22 Mar

Are you asking for my advice?

Then read on. If not, enjoy this.

I have a few rules that govern my life. I usually summarize them as “Be useful, be thoughtful, be passionate, be kind,” but there are any number of more specific lessons I’ve learned that serve me well day-to-day. Here’s one:

Only offer advice if asked.

Here’s why:

You aren’t an expert on someone else, they are. You may have opinions, views, thoughts, or ideas you think are just the right thing to help someone, and I’m sure they could be. Could.

But the thing about advice is that the “right” thing to help someone isn’t the right thing unless it’s right for that particular person at that particular time. Unless you’re their therapist or doctor (and maybe not even then), you cannot — cannot — be an expert in that.

To know you have to ask (“Are you asking for my advice?”), or be asked (“What do you think about…?”). So, ask.

See, timing is everything. If someone isn’t ready to hear something, they won’t, no matter how good your advice might be.

The only way to really know if they’re ready to hear it? When they ask. Not before. Is it possible that you may eventually break through? Of course. But the breaking through will still come as a shift that happens in them, not through the force of your push, nor the frequency of your message.

People change, then they hear.

But, you ask, what if they need to hear what you have to say?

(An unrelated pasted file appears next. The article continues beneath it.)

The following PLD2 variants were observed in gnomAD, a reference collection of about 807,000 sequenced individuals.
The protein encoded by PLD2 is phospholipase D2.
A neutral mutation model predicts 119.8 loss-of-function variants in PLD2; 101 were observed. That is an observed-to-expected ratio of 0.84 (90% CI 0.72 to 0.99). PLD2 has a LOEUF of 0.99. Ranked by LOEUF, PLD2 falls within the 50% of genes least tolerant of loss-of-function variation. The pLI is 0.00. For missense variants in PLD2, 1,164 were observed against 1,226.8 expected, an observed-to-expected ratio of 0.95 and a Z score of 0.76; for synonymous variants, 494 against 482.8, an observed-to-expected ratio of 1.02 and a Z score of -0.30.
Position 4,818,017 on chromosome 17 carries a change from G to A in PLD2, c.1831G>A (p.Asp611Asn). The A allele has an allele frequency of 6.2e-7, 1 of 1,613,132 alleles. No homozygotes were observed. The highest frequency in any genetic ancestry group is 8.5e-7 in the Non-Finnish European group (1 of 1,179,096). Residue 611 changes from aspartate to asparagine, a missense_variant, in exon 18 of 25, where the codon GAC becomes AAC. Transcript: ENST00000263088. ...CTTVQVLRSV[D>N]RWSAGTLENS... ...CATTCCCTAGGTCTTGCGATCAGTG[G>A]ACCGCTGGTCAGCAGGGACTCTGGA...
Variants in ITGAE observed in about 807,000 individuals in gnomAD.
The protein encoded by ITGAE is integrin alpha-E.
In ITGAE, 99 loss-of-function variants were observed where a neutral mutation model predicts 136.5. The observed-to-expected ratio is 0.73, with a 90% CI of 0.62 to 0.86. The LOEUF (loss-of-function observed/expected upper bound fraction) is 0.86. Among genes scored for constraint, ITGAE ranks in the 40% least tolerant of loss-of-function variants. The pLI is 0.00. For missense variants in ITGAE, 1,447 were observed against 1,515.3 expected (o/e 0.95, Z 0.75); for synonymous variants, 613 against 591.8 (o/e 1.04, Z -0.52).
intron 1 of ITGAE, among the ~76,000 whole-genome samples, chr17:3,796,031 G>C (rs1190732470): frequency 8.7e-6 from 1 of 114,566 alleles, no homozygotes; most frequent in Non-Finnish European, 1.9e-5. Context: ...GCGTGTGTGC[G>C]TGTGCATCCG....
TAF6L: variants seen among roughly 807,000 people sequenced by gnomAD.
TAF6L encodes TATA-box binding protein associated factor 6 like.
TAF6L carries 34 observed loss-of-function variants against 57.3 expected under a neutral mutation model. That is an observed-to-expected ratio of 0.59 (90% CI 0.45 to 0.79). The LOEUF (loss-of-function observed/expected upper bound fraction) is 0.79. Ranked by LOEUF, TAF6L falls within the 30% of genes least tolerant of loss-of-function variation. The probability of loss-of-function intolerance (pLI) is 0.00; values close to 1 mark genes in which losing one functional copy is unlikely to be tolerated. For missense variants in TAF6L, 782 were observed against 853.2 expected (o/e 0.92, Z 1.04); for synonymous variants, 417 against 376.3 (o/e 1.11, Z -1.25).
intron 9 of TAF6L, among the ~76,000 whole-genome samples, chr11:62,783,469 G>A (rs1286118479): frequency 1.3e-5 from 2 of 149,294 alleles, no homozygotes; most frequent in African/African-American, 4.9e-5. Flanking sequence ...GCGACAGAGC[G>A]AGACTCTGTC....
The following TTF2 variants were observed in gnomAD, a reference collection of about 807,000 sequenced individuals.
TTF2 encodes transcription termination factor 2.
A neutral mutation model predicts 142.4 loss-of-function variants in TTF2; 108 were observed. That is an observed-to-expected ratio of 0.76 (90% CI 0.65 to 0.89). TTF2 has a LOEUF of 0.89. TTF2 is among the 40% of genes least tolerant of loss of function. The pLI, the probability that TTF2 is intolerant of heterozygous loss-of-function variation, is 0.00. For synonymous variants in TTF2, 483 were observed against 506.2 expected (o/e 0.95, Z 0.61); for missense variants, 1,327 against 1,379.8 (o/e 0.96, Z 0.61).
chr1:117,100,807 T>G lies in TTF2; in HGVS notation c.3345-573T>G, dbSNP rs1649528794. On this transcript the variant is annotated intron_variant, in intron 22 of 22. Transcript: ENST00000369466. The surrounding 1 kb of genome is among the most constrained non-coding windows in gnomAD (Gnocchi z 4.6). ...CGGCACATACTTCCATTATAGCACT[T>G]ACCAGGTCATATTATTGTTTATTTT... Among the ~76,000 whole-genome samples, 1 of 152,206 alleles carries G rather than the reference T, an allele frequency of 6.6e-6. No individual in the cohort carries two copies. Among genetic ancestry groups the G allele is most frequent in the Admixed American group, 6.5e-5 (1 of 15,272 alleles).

Well, first, that’s your judgment. You’re delivering a “should” in advice’s clothing; you believe your opinion is stronger than their knowledge of themselves — that what you think you know is better than what they actually know – and that’s neither useful, nor kind.

Second, and perhaps more importantly, why do you need to tell them?

Think about that for a minute. Listen to every reason you tell yourself.

How many of those are really about…you? Of course you want to be useful, or helpful — we all do. But if they don’t want to hear it, if they won’t hear it, how useful are you really being? You’re likely wasting your time, and theirs, and adding to the natural defensiveness we all get when confronted with “You should…”

If you really can’t help yourself, the answer is still: ask.

In this case, though, it’s asking someone if the answer you think is right might be right for them (“Have you thought about…?” “What if you…?”"I had luck doing it this way, would that work for you, too?”). Then, at least, you’ve opened a dialogue. You’ve created an opportunity for someone to come to their own realization about what’s right — one based in their knowledge, but informed by yours.

So, what do you think?  Would that work for you?

Image: Han Shot First